So, King Leopold and his guys killing off 50% or 10 million of the CFS inhabitants, in a colonial setting in a vast jungle at that, seems implausible. See the old comments for why 20 million CFS inhabitants is likely to be a gross overestimate too.

  63. Kaiju says:
    @urquhart

    What about those 700000 gallant soldiers who surrendered on the Kiev pocket? What could you infer about the national character of Russians from that?

    • Replies: @Adam
  64. Anon[393] • Disclaimer says:
    @German_reader

    I am sure someone else with your smarts could find equally plausible excuses to defend Nero, Hitler, or Netanyahu.

    How is Antonescu’s “attack on America” an excuse for a massacre of 1,500 innocents? All able men were thousands of kilometers away. At that time, Bucharest was a town of women, children, and Jews. The oil was 100 km to the North.

    Maybe Antonescu was hiding WMDs? Perhaps he was an undemocratic tyrant, unlike Dyadya Joseph?

    Also, FYI, it’s not like Antonescu had much of a choice. Romania had been promised protection by France and UK – not by Germany, yet neither of the guarantors gave a damn when Romania was quartered by its neighbors. That was all prior to Antonescu. What was Antonescu to do? Send Romanian soldiers to die for France and UK?

    • Replies: @German_reader
  65. Mulegino1 says:

    The demonization of the perceived “right wing dictators” vis a vis the communist totalitarians and the liberal oligarchies (a.k.a. “democracies”) always was a matter of optics and a post-enlightenment/kosher bias against anything that smacked of monarchism, clericalism, reaction, or economic nationalism as opposed to internationalism. Hitler is simply the head boogeyman in the Manichean comic book world of the Twentieth century, and anyone associated with him- however tenuously- must share the opprobrium.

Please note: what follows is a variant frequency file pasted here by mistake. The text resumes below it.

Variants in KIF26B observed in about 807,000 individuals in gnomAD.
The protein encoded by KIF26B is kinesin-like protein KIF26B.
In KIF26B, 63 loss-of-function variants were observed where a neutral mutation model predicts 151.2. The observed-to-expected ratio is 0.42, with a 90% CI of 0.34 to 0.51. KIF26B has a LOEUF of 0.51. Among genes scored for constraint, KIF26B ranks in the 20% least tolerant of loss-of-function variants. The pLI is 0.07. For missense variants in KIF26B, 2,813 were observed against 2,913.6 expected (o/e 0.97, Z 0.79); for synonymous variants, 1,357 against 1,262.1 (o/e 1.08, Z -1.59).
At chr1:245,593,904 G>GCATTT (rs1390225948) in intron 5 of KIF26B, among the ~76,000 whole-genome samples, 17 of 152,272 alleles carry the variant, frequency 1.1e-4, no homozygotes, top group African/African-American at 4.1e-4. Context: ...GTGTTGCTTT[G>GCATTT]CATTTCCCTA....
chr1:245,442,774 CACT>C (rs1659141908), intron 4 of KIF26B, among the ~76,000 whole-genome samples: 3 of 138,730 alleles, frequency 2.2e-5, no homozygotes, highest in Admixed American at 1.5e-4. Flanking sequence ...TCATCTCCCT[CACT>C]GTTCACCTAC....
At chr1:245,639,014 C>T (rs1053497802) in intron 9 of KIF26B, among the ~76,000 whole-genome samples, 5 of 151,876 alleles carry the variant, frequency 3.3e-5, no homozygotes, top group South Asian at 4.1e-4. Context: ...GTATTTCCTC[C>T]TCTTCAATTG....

The truth is that the “dictators” were pikers- I would even say, relatively benign pikers- compared to the Soviets, the British and the Americans, all of whose governments murdered and destroyed upon scales which dwarfed anything realistically imputed to the Third Reich and its dictatorial associates. (The US continues to do so to this day.)
    This Judeophilic turning of history upon its head has lead to perhaps the greatest lie of the past millennium.

    • Agree: neutral
  66. Beckow says:
    @Michelt

    War is hell. An aggressive war is the ultimate crime, all other crimes follow from it. That was the view of the Nuremberg tribunal after WWII.

    Mussolini, and younger Churchill, Hitler, Stalin, Brezhnev, Bush, Clinton, Saddam Hussein, etc… have all started unprovoked, aggressive wars. In most cases with no personal consequences. That is clearly a big issue because a lack of consequences leads to irresponsibility, hubris and eventually a kind of infantilism with advanced tools (roughly the current state in the West).